Wednesday, December 31, 2008
If I had succeeded in getting into the Jessups or Shipping Moot team, I'd have become what I wanted to become at that time, a successful litigator. I'd have had a rigorous apprenticeship under a big-name lawyer, and picked up skills and networks that would have helped in my early career.
And at the end of that, I would have become as my friends have become - disillusioned, and wondering if this was all they could do for the rest of their lives, victims of their own success.
If I had gotten onto the moots team, I would not have entered into a (admittedly stupid) business venture.
If that business venture had succeeded despite all odds, I'd have quit law, and entered business. I'd have worked through a moderately successful business, right up to the point of the dot-com bust, and I'd have entered the work-force, having lost nothing but a few years, but with solid business experience under my belt.
Instead, I was outmanuevered, and was forced to make a decision between finding love and finding justice.
And because I was outmanuevered, I was much richer for the experience, because the first rule of business is not succeeding. It's knowing how not to fuck up, and I've since experienced almost every variation of second-hand fuck ups in every job I've been to. It's a valueable experience, knowing how and when things fuck up, because my job requires that I fix them.
If I had not entered that business venture, I would not have met my ex-wife. I'd have been spared the heartache of watching her tear asunder everything we've built. I'd not have been called boring, uncreative, and a typical Singaporean. I'd not have to face rejection from every angle, from someone I deeply trusted, to complete strangers who refused to give me the time of the day.
I would also have missed out the small opportunities that turned into big ones - the unpaid internship I procured in California, which turned into a job here in Singapore. I'd have lost the single greatest opportunity to prove what was best in a "typical Singaporean" - hard work and never-say-die.
I'd never have realised that success is not about huge successes, but of small accumulated wins, and not giving up.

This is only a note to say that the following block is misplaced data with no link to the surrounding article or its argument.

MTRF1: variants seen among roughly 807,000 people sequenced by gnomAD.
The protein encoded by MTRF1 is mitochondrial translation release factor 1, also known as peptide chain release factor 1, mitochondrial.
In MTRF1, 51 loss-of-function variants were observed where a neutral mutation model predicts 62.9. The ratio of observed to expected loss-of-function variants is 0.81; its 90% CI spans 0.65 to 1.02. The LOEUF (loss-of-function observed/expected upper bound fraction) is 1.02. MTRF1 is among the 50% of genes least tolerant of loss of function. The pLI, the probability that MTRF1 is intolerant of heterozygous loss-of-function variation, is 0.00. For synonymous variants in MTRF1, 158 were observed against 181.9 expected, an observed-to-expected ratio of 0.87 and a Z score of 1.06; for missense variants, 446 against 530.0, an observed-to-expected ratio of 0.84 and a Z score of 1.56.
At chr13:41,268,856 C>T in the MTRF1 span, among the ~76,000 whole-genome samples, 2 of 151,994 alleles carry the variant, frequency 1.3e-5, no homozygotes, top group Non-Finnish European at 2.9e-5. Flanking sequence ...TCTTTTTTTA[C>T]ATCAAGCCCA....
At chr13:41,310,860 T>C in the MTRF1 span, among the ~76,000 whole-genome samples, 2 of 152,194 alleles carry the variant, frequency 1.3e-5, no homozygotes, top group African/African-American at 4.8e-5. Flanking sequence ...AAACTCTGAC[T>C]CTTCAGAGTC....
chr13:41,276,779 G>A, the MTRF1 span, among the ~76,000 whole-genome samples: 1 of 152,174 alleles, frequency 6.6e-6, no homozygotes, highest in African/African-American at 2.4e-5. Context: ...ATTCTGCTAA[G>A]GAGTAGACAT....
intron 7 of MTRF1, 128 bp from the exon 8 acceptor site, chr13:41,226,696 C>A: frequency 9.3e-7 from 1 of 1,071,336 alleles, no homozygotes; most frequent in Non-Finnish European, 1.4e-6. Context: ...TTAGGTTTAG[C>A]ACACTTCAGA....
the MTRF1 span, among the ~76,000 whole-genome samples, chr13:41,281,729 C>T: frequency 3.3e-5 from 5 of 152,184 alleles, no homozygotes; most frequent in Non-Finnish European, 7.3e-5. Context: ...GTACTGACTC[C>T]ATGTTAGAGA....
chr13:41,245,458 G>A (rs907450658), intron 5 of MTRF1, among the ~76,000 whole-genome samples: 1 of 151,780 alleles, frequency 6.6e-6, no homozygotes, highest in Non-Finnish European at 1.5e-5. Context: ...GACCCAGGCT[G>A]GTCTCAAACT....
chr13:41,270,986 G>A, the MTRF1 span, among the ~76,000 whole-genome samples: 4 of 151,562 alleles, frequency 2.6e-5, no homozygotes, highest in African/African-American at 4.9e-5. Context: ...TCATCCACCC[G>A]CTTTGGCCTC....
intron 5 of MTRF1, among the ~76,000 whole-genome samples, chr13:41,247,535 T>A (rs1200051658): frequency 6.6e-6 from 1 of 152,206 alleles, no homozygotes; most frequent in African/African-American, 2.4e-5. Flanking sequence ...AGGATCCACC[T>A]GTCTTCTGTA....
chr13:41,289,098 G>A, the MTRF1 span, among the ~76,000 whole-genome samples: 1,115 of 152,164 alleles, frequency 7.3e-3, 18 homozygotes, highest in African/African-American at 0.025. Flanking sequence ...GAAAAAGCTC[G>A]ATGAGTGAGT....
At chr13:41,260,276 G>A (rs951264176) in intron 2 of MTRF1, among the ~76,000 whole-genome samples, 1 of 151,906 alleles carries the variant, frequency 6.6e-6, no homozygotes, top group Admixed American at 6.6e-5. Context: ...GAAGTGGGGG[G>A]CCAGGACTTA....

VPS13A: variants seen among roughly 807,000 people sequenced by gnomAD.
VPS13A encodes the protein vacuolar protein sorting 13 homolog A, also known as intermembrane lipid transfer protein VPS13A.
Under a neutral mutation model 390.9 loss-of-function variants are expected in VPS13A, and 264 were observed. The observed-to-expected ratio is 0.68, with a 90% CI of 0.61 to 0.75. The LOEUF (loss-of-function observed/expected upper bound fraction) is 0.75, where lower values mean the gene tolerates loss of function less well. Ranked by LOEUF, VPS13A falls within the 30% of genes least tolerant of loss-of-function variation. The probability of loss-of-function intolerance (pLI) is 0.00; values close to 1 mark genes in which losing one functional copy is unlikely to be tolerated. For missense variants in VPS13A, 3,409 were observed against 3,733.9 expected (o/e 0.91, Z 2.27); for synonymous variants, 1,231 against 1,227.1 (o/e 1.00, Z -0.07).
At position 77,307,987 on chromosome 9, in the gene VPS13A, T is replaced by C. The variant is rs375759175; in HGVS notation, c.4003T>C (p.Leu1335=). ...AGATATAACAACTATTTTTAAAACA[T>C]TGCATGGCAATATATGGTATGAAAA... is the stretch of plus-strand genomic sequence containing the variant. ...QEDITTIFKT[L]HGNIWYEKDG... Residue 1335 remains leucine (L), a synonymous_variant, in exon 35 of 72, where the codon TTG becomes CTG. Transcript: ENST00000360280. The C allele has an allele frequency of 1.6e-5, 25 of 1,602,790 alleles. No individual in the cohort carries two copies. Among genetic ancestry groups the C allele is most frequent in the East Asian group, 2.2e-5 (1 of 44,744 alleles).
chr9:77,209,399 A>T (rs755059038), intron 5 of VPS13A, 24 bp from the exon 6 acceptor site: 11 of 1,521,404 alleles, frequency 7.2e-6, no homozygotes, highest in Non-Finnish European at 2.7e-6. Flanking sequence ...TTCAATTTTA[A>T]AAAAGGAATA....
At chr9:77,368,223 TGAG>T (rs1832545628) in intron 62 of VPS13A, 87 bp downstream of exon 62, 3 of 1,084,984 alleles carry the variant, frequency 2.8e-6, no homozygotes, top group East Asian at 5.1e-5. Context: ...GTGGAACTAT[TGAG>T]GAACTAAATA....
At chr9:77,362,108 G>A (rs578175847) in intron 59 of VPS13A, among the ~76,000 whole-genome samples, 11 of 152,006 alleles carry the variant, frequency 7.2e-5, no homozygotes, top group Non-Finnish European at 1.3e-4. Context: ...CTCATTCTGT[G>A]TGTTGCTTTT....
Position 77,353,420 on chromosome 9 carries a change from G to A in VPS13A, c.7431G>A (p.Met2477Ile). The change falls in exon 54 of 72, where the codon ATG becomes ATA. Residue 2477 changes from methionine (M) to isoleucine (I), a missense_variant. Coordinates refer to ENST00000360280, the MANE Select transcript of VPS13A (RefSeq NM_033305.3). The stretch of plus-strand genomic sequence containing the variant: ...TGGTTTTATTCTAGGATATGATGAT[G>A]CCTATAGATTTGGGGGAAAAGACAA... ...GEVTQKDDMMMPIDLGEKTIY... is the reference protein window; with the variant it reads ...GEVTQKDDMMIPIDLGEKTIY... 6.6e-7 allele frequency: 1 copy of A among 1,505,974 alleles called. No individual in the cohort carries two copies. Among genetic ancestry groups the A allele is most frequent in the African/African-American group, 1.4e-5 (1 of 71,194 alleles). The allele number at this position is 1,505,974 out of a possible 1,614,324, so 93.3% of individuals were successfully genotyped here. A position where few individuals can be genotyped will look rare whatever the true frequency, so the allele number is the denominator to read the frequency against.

I'd never have realised that life is transient, and all the more beautiful for it.
Here I am now, a failure at everything I had wanted to be 10 years ago, and so much the better for it. I failed at becoming a Jessup mooter. I failed at becoming a businessman. I failed at finding a new job and life in California. I failed at keeping my marriage together.
Yet, somehow, I ended up where I wanted to be at 32 - a decent job, close to family, with friends and loved ones close by.
If I had succeeded then I'd have failed now. I'm glad I failed.
Happy New Year.
Wednesday, December 17, 2008
I've take the bus into JB twice weekly, for the last year. For bus-takers, the old experience was fairly simple and no-fuss. Get on a bus at Kranji or Woodlands checkpoint (your pick), alight bus at Woodlands, alight again at the old Johor checkpoint, and from there either (i) hoof it to City Square or (ii) take the bus all the way to Larkin.
The new Johor checkpoint, in a word, sucks.
- For one, the checkpoint is now located further away from the Causeway. Hoofing it from the checkpoint to City Square is about the same distance as just hoofing it across the Causeway.
- The only other exit point by foot is the Jalan Jim Quee. I checked out that exit, and since I don't know where the damn thing leads, it might as well be in the middle of nowhere.
- The bus platforms are now split to Platform A and Platform B. The split seems entirely arbitrary. Previously, all SBS buses used (roughly) the same platform, so if all you wanted was to get to Kranji or Woodlands Checkpoint, you could take your pick of 160, 170, 950 and (if you were so inclined) the Causeway Express. Now, 950 and the Causeway Express is on a different platform from 170 and 160. It makes no sense.
- The 160 and 170 platform is the furthest platform away from the elevator. I'm not kidding. The SJE has a closer platform than the 160 and 170.